Tuesday 9 June 2009

Goldilocks and the Finders of Roman coins

We are constantly being told by the pro-collecting lobby (in Britain especially) that for various reasons archaeologists should welcome the phenomenon of portable artefact collecting because it allegedly has so many benefits for us all. This is sheer lunacy, and totally ignores what the rest of the world's archaeologists consider to be the fundamental point, which is that in its current form the collection of so-called portable antiquities is nothing more or less than the erosive, exploitive and selective mining of the archaeological record merely for collectables for profit and entertainment. This process is widely recognised outside the topsy-turvey world of British archaeology as causing severe damage to the archaeological record. Renfrew does not hesitate to call it a "crisis", while virtually the rest of British archaeologists and archaeological bodies (and antiquities collectors and dealers of course) see it as "opportunity". In a comment on my post here about the potential number of metal detected artifacts which are not being reported by metal detector using artefact hunters in Britain, Roger Bland valiantly offers the statement:
A French scholar, Xavier Loriot, and I, are working on finds of Roman gold coins from Britain, comparing the data with a corpus he wrote of finds from France, Germany, Belgium, the Netherlands and Switzerland and the pattern is very
similar: from Britain the rate of new discoveries has more than doubled since 1973, whereas on the Continent it has declined.
Whoopee. More numismatic "excitement", a complete list of Roman coin finds from the UK, but just of one metal. I cannot identify which corpus of Loriot he is referring to. Sadly, Dr Bland does not inform us how he interprets the statement about the doubling of the "reporting rate", so we are left to guess from the context of the statement that we are being asked to assume we are comparing “like with like” and on that basis we are expected to conclude that Britain’s PAS is “a jolly good thing”. I think that the interpretation of the pattern of the varying “rate of discoveries” and reporting (for that is what we are discussing) of gold coins is not such a simple one as this suggestion would imply - as I am sure Bland and Loriot will acknowledge in the final publication of their joint research project.

From a recent study of the Gaulish gold coins (J.-P. Callu, X. Loriot 1990, L'or monnayé II, la dispersion des aurei en Gaule romaine sous l'Empire which I had a glance at in the library here looking for the work Bland mentioned), it emerges that the peak in reported finds in 1850-1900 was the result of a sort of “fashion” to collect information of this type in this period, a tendency that continued in the first half of the twentieth century and indeed is not restricted to France. After c. 1950 however, the number of reported finds from France drops off sharply. This is not however just a result of changing fashion, more importantly neither is it a result of the French law on metal detector use which most collectors blame this on (for that dates to 1989). Other factors are involved, and it would be interesting to explore them in more detail.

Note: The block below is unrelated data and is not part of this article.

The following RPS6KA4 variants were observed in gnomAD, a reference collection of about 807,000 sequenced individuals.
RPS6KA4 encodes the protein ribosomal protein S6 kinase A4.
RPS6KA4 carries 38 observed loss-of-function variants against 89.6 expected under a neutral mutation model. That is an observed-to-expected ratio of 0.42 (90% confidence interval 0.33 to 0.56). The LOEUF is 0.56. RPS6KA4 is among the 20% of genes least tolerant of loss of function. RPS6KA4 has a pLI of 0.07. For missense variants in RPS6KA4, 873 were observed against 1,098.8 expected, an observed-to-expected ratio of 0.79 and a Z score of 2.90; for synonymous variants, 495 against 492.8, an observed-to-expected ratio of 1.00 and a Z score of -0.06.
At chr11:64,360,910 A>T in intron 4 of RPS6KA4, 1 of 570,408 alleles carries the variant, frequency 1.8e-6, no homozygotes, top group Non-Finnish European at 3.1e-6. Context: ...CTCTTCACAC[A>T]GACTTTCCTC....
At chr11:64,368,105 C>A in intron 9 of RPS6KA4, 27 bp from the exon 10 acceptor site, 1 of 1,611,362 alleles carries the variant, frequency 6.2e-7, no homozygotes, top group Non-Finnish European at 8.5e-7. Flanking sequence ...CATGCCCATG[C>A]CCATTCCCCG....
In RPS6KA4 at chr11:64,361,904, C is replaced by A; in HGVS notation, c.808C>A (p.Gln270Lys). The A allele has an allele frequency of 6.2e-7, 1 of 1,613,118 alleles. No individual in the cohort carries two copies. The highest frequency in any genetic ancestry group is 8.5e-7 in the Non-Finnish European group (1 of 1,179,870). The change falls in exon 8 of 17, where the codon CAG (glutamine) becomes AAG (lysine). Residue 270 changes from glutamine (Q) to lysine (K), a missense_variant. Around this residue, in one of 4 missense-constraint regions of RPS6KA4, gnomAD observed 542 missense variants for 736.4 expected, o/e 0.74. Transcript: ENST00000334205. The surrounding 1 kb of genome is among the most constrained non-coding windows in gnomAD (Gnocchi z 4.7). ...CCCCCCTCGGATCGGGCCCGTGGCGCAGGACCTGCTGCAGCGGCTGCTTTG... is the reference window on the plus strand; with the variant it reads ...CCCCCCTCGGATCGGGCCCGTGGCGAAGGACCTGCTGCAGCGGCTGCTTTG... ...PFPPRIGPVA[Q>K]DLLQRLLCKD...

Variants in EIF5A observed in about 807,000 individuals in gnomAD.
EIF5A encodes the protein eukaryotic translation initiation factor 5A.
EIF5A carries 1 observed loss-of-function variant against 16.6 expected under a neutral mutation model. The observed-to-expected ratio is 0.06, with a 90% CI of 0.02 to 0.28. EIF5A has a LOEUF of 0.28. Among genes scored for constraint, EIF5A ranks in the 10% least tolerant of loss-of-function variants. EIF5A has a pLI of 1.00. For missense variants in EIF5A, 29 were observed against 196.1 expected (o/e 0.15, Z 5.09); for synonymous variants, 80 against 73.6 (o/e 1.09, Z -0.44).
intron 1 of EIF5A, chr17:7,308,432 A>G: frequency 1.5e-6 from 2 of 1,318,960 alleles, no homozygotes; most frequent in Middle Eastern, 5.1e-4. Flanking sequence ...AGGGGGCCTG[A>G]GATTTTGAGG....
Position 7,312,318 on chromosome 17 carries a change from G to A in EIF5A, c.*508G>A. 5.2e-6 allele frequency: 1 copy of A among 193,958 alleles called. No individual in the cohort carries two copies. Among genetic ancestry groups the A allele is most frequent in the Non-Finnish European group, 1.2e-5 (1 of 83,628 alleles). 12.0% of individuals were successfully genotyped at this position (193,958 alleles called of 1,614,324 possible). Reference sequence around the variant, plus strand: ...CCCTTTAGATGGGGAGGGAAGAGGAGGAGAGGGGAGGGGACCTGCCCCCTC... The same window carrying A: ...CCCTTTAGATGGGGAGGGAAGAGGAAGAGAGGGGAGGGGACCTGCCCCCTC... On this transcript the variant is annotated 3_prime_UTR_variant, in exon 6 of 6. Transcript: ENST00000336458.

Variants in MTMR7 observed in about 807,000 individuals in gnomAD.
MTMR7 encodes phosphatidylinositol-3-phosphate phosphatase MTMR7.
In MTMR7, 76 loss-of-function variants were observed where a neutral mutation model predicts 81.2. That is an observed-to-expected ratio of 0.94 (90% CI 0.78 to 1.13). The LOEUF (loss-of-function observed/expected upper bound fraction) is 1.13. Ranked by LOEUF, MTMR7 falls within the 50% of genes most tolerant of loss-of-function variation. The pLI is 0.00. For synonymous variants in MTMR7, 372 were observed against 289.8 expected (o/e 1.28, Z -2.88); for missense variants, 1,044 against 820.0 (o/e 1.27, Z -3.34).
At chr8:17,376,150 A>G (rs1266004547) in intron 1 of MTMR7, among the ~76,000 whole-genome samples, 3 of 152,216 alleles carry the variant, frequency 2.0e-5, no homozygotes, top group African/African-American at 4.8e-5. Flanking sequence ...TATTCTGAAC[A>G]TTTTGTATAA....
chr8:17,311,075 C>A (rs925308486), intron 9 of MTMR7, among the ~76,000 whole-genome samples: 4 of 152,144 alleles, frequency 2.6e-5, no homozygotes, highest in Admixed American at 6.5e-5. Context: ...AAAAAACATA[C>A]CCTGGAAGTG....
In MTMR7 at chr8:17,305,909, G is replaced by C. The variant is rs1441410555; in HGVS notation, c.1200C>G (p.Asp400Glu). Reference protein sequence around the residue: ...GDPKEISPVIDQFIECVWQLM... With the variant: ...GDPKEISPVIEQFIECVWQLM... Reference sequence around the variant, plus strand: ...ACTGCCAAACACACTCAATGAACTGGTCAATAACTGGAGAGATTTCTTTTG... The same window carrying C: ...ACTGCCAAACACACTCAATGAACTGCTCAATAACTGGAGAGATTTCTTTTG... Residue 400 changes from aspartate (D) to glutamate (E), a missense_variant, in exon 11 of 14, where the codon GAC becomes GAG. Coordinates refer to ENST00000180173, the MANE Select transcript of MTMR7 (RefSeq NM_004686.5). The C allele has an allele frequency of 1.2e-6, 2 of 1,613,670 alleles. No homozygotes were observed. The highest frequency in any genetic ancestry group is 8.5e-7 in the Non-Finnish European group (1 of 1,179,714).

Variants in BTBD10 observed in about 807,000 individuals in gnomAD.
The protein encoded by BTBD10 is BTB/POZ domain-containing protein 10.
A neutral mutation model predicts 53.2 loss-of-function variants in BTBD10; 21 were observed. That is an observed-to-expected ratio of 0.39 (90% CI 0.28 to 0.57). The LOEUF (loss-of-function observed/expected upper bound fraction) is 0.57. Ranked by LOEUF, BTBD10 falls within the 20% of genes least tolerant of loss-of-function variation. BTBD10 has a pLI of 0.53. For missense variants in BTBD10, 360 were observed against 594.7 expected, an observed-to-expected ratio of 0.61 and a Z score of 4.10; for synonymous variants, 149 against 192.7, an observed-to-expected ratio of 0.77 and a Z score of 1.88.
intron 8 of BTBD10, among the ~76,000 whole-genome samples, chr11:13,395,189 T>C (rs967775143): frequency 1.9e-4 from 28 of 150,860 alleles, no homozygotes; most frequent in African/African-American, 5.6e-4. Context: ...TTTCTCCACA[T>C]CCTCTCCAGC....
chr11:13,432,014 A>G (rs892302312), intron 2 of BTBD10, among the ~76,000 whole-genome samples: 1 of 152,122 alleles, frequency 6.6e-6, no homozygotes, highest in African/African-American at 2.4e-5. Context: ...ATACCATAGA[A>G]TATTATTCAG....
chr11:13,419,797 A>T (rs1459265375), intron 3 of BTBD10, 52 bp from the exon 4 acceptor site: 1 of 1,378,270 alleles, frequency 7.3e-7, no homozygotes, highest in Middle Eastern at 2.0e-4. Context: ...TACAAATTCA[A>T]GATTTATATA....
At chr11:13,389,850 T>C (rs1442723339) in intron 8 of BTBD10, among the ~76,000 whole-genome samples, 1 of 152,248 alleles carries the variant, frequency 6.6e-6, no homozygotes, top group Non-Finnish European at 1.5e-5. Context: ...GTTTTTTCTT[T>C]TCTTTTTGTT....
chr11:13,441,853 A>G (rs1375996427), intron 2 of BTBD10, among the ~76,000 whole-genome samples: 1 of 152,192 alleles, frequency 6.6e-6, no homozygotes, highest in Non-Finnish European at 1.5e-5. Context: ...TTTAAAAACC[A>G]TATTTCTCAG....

What is clear is that since the middle of the century (and especially after c. 1970), there has been a vast increase in the size of the market for “minor” portable antiquities, including [perhaps especially] coins, in Europe, the USA and further afield. This is closely related to the appearance of the hobbyists’ metal detector. The difficulties of supplying a sharply expanding trade with legitimately-obtained material heightened the tendencies to secrecy already present in the antiquities trade and led to the emergence of the no-questions-asked approach which is today the root of all the damage this trade is doing. It is this which is behind the fact that for a certain period ‘finders’ have no longer announcing where the items at their disposal have come from, and there is a ready market for these items despite this and which tends to bypass the usual channels by which new finds came to the attention of the academic world. It is thus that fewer reported findspots have become known in comparison to earlier periods.

Dr Bland apparently thinks we should rejoice that, apparently through the existence of the Portable Antiquity Scheme, we now have a two-fold increase in the “rate of reporting” of one specific group of finds. In reply I would point out that in 1950, very few people had access to tools such as metal detecting devices to seek for such items, today in the UK there has been an increase ten-thousand times of the number of people out there equipped with electronic equipment to locate precisely such finds. This means a ten thousand fold increase in the rate archaeological sites and assemblages are being eroded in the search for collectables. Moreover this is a cumulative process which has been going on since the 1970s.